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PUB CRAWLING: WATCHING THE STREAM

How TV's Progress Might Inform Streaming's Growth, and Other Stuff

  We’ve been going on at length about premium vs. freemium streaming, with emphasis on industry leaders’ hopes for the former and increasing disdain for the latter. The same argument made about downloading is rephrased here: If kids can get it free, why should they pay?

Supporters of freemium, meanwhile, have insisted that the “on-boarding” of streaming customers is still in progress, and with conversion picking up, free on-demand streaming remains a vital gateway drug for consumers.

But is this really a zero-sum game, or are there other possibilities? For pubcos used to collecting from thousands of sources on every copyright, the idea of hybrid consumption models existing side by side—rather than a single approved means of on-demand listening—may be more palatable. Might the biz (and songwriters particularly) benefit from a more experimental approach, whereby different ad-based and fee-based models could co-exist? After all, TV was purely ad-supported for decades before subscription-based “premium” programming came along; the latter thrived on the basis of quality and changed the game overall.

But rather than going away, ad-supported TV mutated. The networks and basic-cable outlets began experimenting with more integrated/branded kinds of advertising. This, in turn, not only expanded the revenue options of content creators but laid the groundwork for new kinds of “partnership” programming with brands.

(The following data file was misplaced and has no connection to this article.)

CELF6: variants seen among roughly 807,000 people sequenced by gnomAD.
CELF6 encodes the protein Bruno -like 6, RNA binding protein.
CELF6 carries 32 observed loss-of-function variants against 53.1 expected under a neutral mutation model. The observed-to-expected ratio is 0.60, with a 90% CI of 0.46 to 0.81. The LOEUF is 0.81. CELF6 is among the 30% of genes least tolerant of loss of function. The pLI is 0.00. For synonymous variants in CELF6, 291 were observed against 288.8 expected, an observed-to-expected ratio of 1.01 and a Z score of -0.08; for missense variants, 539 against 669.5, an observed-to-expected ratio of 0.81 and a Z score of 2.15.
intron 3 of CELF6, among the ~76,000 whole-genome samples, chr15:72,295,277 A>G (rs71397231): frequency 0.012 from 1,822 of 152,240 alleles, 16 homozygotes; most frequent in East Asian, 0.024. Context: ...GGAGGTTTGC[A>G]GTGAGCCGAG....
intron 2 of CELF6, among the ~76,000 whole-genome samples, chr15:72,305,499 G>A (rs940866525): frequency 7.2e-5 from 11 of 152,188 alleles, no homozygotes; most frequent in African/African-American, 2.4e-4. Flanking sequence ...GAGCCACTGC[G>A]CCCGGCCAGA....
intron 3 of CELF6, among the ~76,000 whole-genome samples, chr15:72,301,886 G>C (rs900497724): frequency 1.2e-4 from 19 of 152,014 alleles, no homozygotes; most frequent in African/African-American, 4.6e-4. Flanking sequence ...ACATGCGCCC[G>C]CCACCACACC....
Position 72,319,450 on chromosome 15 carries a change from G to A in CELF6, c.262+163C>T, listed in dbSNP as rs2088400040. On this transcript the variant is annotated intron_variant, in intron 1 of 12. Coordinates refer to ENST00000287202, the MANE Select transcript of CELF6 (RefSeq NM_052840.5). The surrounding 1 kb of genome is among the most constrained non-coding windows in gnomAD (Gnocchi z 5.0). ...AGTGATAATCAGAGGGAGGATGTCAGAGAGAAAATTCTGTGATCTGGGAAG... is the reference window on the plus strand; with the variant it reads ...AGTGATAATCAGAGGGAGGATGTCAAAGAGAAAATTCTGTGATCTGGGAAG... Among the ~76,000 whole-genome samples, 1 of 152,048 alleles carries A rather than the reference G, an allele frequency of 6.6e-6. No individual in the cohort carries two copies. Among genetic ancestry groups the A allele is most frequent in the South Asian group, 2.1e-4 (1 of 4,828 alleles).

If iTunes/Beats changes the game again with a killer subscription offering—presumably boosted by windowed or exclusive artist content, not to mention tying together mobile, living room and wearable devices—it could well have an “HBO effect” on the music landscape. But one imagines ad-supported streaming could mutate too, and perhaps begin to present new opportunities, especially for songwriters.

We’re still in the embryonic stage of streaming; we have our networks and our earliest premiums, but we don’t yet know what “basic cable” looks like.


  Speaking of TV, we’re still hyperventilating slightly from the over-the-top Empire season finale, and it’s heartening to see a show so fully steeped in (original) music become a ratings phenomenon, with correspondingly explosive sales for the ST. We’ve already noted the herculean efforts of the show’s music maestro, ole-published Timbaland; we should also point out that BMG-signed Jim Beanz also makes a huge contribution to the series’ extensive audio output. We do wish that the amazing piano-playing rapper Charles Hamilton had gotten more screen time on the finale, but his “NY Raining” featuring Rita Ora was featured, and we’re already obsessed with it.


We're still slightly piqued we weren't able to go to Austin and rather stayed on our little editorial hamster wheel all week long. Here's one event among many we would've attended: Universal Music Publishing’s SXSW party at the Samsung Studio Rooftop. The fete attracted an array of players from across the biz, all of whom enjoyed specialty cocktails named after provisions of a standard sync license. Seen wondering if they have BBQ sauce on their clothes are (l-r) UMPG VP Urban Jill Tschogl, artist Chase N Cashe, UMPG’s Lindsey LanierG.O.O.D/Def Jam artist Big Sean and Motown chief/UMPG President of Urban Music/Co-Head of Creative Ethiopia Habtemariam.


 

SINGING ABOUT: Nova Rockafeller, Greg Holden, Courtney Barnett, Jerry Fuentes

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